Thursday March 21 is the International Day for the Elimination of Racial Discrimination. You may not have heard of the day before. It is commemorated in Australia as Harmony Day.
Harmony Day was a creation of the Howard Government twenty years ago, a response to research conducted for the federal government about the causes of racism. It was a deliberate choice to not focus on ‘anti-racism’ but rather emphasise the importance and value of ‘harmony’.
Undoubtedly people feel an attachment to Harmony Day as a celebration of cultural diversity that schools, workplaces and community groups can participate in. It is a day that people have a positive association and feel very comfortable with. But it does us no favours by avoiding any hard conversations about racism. As educator Robin DiAngelo has pointed out, niceness is not anti-racism. A parallel would be celebrating International Women’s Day without mentioning ongoing under-representation, sexism or the gender pay gap.
Polls have indicated strong community support by Australians for multiculturalism and non-discriminatory immigration policies, but there continues to be significant cognitive dissonance. The most recent ScanlonFoundation Mapping Social Cohesion Surveyfound that 25% of Australians have negative attitudes towards Muslims and that a broader definition of intolerance and rejection of cultural diversity can reach 30%-40% of the population.
While Australia fares better than most other Western countries, a self-congratulatory tone that we are the ‘most successful multicultural country in the world’ only breeds complacency and means we treat acts of racism and other symptoms of institutional and structural discrimination as the isolated actions of individuals. None of this happens in a vacuum.
Over the last few days, there has been public debate about the normalisation of far right rhetoric and hatred. Far right figures are treated as a novelty for television and given a platform, giving their points of view legitimacy in public debates and uncritically amplifying their message for a mass audience. These acts are not benign and contribute to a climate where major party politicians feel comfortable dog-whistling.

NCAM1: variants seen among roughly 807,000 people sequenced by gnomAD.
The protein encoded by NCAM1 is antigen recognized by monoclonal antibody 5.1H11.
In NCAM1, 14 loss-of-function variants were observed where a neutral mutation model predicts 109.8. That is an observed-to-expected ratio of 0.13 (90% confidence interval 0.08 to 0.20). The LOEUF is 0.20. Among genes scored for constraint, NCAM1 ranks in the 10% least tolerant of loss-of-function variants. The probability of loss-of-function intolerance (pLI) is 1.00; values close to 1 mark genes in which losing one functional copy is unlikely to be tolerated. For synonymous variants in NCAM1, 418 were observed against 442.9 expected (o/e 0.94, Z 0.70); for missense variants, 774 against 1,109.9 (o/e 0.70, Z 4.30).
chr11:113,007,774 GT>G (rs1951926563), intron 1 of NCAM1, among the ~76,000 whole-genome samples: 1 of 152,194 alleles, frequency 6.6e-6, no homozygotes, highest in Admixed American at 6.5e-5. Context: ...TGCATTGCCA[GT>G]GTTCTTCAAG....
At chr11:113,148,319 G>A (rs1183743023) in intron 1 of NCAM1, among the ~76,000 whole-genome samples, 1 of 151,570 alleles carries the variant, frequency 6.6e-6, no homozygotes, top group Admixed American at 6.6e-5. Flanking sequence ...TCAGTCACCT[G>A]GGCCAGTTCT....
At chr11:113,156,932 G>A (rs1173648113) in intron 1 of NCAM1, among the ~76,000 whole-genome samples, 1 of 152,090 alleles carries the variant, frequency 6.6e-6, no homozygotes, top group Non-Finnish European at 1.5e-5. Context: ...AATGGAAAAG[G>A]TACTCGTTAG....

We should condemn the mainstreaming of these abhorrent views, however, it cannot be at the expense of continuing to ignore other less overt forms of discrimination that have a direct impact. According to the 2018 Leading for Change report, a fifth of Australians have non-European cultural backgrounds. We cannot pretend that the continuing under-representation of people of colour in the media, public sector, parliament and business is the result of of merit. It has to be asked whether more representative institutions would meant a different treatment of past public debates about race, immigration and multiculturalism. Yet there is a defensiveness whenever these issues are raised, solutions such as targets and quotas being portrayed as worse than the problem itself.
The horrendous events in Christchurch last week should make us rethink how we currently recognise the International Day for the Elimination of Racial Discrimination. This year’s theme of mitigating and countering rising national populism and extreme supremacist ideologies makes the day feel even more relevant.
Rather than simply celebrating Harmony Day, the International Day for the Elimination of Racial Discrimination should be an opportunity to not just recognise our successes but also focus on what Australia still needs to do to combat racism and racial discrimination in all its forms.
Published at Meanjin on 20 March 2019